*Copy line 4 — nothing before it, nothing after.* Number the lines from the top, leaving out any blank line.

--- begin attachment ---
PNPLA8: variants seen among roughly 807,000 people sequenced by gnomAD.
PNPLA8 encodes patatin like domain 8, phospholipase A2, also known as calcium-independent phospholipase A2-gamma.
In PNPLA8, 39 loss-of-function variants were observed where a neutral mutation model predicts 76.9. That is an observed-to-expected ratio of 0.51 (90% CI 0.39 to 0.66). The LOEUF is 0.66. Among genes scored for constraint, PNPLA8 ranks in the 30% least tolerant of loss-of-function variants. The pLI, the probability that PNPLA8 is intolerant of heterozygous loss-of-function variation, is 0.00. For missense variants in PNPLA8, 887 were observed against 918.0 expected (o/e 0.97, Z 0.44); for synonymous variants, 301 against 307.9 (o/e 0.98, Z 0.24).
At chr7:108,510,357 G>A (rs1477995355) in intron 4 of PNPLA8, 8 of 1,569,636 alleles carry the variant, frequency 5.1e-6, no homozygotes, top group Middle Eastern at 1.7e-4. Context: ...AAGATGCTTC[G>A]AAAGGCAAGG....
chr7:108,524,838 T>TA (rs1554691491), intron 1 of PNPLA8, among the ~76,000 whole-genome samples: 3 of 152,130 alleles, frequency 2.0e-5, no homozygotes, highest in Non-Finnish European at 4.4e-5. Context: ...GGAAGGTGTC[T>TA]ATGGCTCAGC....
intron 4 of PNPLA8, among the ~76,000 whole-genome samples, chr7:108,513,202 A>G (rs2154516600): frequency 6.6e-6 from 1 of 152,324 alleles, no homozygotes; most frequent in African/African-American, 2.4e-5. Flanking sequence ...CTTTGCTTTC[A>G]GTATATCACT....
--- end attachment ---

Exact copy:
At chr7:108,510,357 G>A (rs1477995355) in intron 4 of PNPLA8, 8 of 1,569,636 alleles carry the variant, frequency 5.1e-6, no homozygotes, top group Middle Eastern at 1.7e-4. Context: ...AAGATGCTTC[G>A]AAAGGCAAGG....